Northern Lehigh School District residents will in fact see a 2.3-percent increase in their property tax rates next year.

On a 7-0 vote, the school board agreed on Monday to approve the 2013-14 general fund budget in the amount of $28,509,357. Directors Natalie Green and Robin Distler were absent.

The spending plan represents a $402,575 increase over the 2012-13 spending plan, and calls for a 20.17 millage rate in Lehigh County, and a 57.31 millage rate in Northampton County.

That means residents who live in Lehigh County will pay $2.01 for every $100 of assessed value, and those who live in Northampton County will pay $5.73 for every $100 of assessed value, said Sherri Molitoris, co-director of business affairs/human resources.

Molitoris said that's due to the fact that Lehigh County is now assessed at 100 percent, while Northampton County is assessed at 50 percent.

Faced with a $347,000 shortfall in the budget, Molitoris said the district will look to take $347,000 from out of its fund balance that had been set aside for the Public School Employees Retirement System (PSERS) increase to help balance the budget.

In a related budgetary matter, the board approved the lease of desktop computers for the high school, and desktop and laptop computers for the administrative staff from California First Leasing Corporation, Irvine, CA, for $50,000 per year, with a lease term of 36 months and a $1 buyout option at the end of the lease agreement.

In addition, the board approved to commit and/or assign portions of the June 30, 2013 fund balance for the PSERS increase; health insurance premiums; technology; replacement equipment; and long range maintenance (actual amounts to be determined after completion of the 2012-13 end of year audit).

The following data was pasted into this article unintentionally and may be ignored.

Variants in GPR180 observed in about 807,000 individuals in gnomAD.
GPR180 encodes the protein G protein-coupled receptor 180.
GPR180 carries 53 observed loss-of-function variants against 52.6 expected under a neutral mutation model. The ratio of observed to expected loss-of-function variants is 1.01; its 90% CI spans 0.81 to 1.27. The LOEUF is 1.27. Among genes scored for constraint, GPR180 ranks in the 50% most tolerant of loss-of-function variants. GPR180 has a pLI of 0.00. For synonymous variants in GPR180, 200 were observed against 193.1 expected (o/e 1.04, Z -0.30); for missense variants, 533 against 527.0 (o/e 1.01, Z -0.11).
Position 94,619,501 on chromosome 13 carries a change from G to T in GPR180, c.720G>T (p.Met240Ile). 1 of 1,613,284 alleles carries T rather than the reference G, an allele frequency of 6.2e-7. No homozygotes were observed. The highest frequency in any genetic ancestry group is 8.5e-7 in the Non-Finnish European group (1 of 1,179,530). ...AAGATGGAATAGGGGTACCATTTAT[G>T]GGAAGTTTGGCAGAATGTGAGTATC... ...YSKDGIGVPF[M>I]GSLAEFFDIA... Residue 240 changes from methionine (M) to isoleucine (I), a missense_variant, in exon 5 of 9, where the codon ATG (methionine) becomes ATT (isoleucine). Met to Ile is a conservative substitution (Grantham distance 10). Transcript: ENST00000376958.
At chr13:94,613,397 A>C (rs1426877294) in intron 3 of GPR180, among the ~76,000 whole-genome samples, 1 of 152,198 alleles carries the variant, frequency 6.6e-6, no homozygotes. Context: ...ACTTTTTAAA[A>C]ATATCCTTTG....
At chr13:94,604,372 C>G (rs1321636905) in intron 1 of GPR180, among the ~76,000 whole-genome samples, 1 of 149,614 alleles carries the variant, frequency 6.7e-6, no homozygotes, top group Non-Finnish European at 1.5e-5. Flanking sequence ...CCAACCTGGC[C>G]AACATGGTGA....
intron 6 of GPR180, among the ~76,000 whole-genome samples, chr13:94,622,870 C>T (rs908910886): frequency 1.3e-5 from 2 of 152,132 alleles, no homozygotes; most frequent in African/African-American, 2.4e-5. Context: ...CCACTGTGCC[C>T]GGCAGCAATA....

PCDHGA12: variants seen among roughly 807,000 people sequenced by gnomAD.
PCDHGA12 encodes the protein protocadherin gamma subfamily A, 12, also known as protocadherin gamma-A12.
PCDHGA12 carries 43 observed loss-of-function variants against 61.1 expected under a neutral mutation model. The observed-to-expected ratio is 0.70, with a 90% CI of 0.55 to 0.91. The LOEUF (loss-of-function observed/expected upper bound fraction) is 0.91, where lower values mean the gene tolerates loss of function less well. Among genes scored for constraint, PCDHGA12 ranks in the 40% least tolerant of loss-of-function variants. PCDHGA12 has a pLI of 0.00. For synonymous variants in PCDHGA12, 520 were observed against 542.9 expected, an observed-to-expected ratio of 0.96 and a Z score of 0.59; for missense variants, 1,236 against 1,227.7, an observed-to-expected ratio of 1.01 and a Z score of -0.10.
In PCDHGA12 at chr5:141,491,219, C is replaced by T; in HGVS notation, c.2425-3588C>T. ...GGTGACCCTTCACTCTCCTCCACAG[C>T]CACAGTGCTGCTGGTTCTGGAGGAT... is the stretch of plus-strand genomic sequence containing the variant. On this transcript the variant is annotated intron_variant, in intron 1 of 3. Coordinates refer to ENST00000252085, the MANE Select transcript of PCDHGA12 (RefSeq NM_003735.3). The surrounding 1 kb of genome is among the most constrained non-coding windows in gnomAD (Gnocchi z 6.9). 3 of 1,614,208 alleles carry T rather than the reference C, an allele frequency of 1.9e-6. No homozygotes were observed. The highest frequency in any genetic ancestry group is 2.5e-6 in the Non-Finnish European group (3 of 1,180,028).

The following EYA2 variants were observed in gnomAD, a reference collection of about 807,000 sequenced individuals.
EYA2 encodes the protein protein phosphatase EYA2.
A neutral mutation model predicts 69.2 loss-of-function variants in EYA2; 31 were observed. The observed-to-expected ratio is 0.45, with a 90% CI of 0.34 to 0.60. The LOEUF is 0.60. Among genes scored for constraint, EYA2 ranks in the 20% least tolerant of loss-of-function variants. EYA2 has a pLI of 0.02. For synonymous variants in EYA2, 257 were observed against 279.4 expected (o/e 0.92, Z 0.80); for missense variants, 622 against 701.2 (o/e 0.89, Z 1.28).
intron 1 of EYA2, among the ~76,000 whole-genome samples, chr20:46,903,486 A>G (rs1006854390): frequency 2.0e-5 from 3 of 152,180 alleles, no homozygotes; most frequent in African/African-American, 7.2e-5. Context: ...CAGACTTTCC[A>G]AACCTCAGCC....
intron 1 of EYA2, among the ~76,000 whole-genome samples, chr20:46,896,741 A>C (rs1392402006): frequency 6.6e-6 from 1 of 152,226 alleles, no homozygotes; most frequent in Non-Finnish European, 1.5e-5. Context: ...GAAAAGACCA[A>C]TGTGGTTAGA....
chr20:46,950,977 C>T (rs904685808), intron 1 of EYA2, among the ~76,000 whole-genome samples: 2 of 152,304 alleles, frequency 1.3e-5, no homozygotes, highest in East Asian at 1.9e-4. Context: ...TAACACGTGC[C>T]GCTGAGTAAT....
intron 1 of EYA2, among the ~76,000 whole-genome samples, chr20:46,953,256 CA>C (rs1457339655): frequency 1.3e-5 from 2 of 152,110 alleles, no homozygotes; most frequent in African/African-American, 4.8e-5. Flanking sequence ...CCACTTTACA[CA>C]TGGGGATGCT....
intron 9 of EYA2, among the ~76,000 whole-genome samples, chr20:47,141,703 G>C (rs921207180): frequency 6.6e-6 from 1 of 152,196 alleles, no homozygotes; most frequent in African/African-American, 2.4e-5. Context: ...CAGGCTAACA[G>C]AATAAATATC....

Also, the board approved the 2013 Homestead and Farmstead Exclusion Resolution.

In January, the board agreed to adopt a resolution to not exceed the Act 1 Tax Index for the 2013-14 budget.

Due to Lehigh County's reassessment, the district is locked in at 1.7 percent, with an adjusted rate of 2.3 percent. Therefore, the most the board could have raised taxes by would have been 1.48 mills.

Last year, the board adopted the 2012-13 spending plan with a zero-mill increase after it agreed to utilize $715,000 from the fund balance to stabilize the budget.

As part of that budget, 46 aides in the district saw a one-hour per day reduction in their hours this school year, as their hours have been reduced from 5 1/2 to 4 1/2 hours per day, which will save the district $350,000.

That budget left the property tax rate unchanged at 64.37 mills in Lehigh and Northampton counties, which meant a person with a home valued at $100,000, and assessed at $50,000, again paid $3,219 in property taxes to the district.